Imported Oil and U.S. National Security size: 1.25 Mb - 127 pages

Operations in Afghanistan alone are averaging over $40 billion per year as of 2011. To date, over $1trillion has already been spent on the Global War on Terror and there is currently no reasonable end in sight. For a nation that already has over $14 trillion in federal debt and is running an annual deficit over $1trillion, this level of military spending cannot continue for long. Whether anyone likes it or not, US operations in the Middle East will come to an end; either through our choosing to end the wars or through national bankruptcy.
The Cost of War on Terror Operations Since 9/11 size: 560 kb - 57 pages

Developing this gasification infrastructure will give the United States the option of walking away from the Middle East should it choose to do so without negatively impacting the economy. Moreover, it would help in preventing any future potential conflict with China or any other nation over access to petroleum. While many would call this abandonment of national responsibility, the reality is that most Middle East oil does not come to the United States. Given the fact that the United States collectively is by far the largest consumer of fuels in the world, one could also state that it should be a national responsibility to provide more of these fuels to the markets.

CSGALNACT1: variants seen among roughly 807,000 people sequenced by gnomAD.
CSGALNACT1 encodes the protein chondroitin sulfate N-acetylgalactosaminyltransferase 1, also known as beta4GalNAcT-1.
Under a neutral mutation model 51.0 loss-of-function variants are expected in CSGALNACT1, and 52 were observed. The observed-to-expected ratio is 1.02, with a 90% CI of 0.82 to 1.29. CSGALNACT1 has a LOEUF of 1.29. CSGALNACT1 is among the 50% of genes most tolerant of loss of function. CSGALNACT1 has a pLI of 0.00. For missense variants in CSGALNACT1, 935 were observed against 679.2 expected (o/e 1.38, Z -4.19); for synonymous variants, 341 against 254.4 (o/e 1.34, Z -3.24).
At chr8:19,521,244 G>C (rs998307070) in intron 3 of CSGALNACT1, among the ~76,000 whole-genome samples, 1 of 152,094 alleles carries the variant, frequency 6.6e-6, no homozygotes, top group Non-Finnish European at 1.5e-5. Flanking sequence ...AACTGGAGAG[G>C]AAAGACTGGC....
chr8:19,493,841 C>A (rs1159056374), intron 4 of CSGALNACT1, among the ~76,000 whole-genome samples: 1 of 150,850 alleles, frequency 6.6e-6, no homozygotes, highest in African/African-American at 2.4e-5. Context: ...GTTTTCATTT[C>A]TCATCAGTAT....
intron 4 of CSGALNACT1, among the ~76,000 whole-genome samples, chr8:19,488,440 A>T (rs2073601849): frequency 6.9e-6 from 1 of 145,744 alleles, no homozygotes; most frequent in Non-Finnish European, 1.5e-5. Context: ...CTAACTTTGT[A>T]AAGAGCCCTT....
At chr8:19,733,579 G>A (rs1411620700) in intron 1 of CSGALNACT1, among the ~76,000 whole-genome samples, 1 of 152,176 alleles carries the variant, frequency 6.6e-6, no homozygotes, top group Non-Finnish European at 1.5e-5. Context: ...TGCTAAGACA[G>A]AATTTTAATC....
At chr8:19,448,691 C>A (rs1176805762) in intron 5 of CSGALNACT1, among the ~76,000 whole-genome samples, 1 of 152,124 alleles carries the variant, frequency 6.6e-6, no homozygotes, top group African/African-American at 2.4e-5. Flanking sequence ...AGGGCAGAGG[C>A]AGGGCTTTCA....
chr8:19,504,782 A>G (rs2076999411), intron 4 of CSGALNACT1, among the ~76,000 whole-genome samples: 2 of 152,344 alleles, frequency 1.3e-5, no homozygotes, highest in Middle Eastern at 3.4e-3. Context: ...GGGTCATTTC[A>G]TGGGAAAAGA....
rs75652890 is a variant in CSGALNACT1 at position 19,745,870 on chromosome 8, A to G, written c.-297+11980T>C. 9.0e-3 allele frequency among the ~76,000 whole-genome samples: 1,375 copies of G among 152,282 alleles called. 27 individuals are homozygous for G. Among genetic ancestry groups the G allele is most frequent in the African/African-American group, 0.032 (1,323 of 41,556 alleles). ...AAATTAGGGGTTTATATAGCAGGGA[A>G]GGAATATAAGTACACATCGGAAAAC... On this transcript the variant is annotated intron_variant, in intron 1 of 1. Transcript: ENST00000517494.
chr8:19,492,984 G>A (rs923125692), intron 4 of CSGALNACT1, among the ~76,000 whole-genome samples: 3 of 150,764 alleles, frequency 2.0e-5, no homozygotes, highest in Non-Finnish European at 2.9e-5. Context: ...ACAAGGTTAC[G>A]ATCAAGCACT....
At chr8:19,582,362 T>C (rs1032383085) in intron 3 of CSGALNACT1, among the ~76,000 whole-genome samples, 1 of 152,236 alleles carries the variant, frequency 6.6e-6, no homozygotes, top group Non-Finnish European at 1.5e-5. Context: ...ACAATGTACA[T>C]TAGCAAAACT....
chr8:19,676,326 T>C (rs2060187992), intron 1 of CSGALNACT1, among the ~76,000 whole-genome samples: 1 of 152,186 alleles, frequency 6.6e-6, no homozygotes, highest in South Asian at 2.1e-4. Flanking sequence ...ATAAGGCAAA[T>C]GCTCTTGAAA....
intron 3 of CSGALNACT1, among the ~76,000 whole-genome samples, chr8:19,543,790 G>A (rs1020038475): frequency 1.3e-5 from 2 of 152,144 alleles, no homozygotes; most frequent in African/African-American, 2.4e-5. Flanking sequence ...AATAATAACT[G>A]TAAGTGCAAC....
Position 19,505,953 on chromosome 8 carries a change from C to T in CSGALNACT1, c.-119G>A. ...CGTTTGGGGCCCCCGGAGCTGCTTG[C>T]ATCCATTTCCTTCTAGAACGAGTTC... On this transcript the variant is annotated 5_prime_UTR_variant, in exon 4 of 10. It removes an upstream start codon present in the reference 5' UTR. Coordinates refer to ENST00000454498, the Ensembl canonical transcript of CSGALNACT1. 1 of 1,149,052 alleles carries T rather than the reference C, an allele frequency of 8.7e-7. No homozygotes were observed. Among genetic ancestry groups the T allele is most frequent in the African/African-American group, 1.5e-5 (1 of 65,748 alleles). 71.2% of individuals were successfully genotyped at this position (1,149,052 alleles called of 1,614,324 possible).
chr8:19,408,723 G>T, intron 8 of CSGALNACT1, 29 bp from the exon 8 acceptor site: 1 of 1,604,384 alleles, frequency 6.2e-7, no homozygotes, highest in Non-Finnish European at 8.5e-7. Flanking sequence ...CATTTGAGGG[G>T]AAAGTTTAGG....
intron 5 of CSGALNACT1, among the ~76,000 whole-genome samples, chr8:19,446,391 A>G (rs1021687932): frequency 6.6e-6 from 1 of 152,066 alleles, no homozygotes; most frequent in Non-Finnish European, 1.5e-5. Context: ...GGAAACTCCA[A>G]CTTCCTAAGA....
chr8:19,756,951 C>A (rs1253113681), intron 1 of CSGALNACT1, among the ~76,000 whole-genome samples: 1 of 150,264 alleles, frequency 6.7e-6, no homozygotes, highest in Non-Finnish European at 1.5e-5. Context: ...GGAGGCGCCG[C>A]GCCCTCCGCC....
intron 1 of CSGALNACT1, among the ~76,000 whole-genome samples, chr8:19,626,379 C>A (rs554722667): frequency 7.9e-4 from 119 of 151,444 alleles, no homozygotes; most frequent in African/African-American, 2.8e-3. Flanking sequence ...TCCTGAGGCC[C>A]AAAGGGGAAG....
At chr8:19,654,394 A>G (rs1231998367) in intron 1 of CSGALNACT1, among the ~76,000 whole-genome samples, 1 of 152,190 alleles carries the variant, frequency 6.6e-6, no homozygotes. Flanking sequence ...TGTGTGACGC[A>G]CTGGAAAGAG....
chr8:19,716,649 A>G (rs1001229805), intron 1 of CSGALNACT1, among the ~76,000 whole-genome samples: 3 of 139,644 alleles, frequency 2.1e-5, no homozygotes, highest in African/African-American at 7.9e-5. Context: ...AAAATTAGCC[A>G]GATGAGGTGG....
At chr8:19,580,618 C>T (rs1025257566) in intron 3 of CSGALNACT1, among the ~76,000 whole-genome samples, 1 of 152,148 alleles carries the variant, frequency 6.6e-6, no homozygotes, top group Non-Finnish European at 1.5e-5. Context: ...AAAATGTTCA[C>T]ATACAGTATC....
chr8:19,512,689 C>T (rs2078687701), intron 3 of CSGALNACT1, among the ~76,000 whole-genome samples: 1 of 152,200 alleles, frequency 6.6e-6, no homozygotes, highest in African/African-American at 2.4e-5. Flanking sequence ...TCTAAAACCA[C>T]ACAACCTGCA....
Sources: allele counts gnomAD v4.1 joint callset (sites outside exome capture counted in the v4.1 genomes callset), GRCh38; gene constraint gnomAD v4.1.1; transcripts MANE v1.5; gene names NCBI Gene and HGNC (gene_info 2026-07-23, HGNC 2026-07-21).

According to EPA estimates for 2008, the aggregate total of waste generated by the people and industries of the United States was a bit over 8 billion tons. Over 7.5 billion tons came from industry while the remainder comes from a variety of sources. Most of the metallic wastes can be recycled but this still leaves large amounts of plastics, wood, paper, cardboard and various other materials suitable for gasification. Municipal trash alone is estimated at around 500 million tons per year.

Currently, a lot of this material goes to landfills where it is buried and left to decay over time. While there is nothing inherently wrong with this process, as little as 10% of this overall supply of waste would be sufficient to meet 50% of the feedstock requirements of the proposed gasification infrastructure. Conveniently, a number of states, such as New York, New Jersey, Massachusetts, Connecticut, California and Florida are already transporting portions of their wastes to other states due to lack of adequate landfill space or other environmental issues. With transportation already built into their waste management systems, these areas are excellent candidates for gasification facilities.

Moreover, gasification is especially valuable in the destruction and management of biohazardous materials and wastes. These materials are typically incinerated to destroy the hazards but gasification would allow reuse of the elements of the materials while still destroying the hazardous portions. Here again, special collection and transportation methods are already in place for this waste stream so converting to gasification here where adequate quantities are available should be more economical.

 Introduction | History | Challenges | Benefits | Current Tech | Future Tech | Conclusions